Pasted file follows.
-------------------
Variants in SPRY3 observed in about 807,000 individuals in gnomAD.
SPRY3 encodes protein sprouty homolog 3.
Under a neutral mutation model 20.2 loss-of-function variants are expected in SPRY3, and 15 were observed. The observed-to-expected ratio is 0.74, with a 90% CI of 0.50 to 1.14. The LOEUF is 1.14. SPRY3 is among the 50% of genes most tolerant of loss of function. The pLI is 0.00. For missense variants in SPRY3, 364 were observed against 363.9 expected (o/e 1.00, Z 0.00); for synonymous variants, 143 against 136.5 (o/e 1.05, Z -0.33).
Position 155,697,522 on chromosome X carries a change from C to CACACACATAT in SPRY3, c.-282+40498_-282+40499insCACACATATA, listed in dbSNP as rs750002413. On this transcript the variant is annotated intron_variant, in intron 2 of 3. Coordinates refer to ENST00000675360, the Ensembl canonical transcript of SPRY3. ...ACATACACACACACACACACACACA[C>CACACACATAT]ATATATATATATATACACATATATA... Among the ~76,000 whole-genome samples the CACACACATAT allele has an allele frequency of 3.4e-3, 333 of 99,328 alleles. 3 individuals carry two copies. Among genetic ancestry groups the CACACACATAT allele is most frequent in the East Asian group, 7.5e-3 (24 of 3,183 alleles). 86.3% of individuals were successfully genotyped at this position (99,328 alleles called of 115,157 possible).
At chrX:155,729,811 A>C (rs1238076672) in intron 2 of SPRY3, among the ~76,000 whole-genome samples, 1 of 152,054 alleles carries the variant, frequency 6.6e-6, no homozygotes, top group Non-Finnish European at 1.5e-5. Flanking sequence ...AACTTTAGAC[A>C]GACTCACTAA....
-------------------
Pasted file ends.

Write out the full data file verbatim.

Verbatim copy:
Variants in SPRY3 observed in about 807,000 individuals in gnomAD.
SPRY3 encodes protein sprouty homolog 3.
Under a neutral mutation model 20.2 loss-of-function variants are expected in SPRY3, and 15 were observed. The observed-to-expected ratio is 0.74, with a 90% CI of 0.50 to 1.14. The LOEUF is 1.14. SPRY3 is among the 50% of genes most tolerant of loss of function. The pLI is 0.00. For missense variants in SPRY3, 364 were observed against 363.9 expected (o/e 1.00, Z 0.00); for synonymous variants, 143 against 136.5 (o/e 1.05, Z -0.33).
Position 155,697,522 on chromosome X carries a change from C to CACACACATAT in SPRY3, c.-282+40498_-282+40499insCACACATATA, listed in dbSNP as rs750002413. On this transcript the variant is annotated intron_variant, in intron 2 of 3. Coordinates refer to ENST00000675360, the Ensembl canonical transcript of SPRY3. ...ACATACACACACACACACACACACA[C>CACACACATAT]ATATATATATATATACACATATATA... Among the ~76,000 whole-genome samples the CACACACATAT allele has an allele frequency of 3.4e-3, 333 of 99,328 alleles. 3 individuals carry two copies. Among genetic ancestry groups the CACACACATAT allele is most frequent in the East Asian group, 7.5e-3 (24 of 3,183 alleles). 86.3% of individuals were successfully genotyped at this position (99,328 alleles called of 115,157 possible).
At chrX:155,729,811 A>C (rs1238076672) in intron 2 of SPRY3, among the ~76,000 whole-genome samples, 1 of 152,054 alleles carries the variant, frequency 6.6e-6, no homozygotes, top group Non-Finnish European at 1.5e-5. Flanking sequence ...AACTTTAGAC[A>C]GACTCACTAA....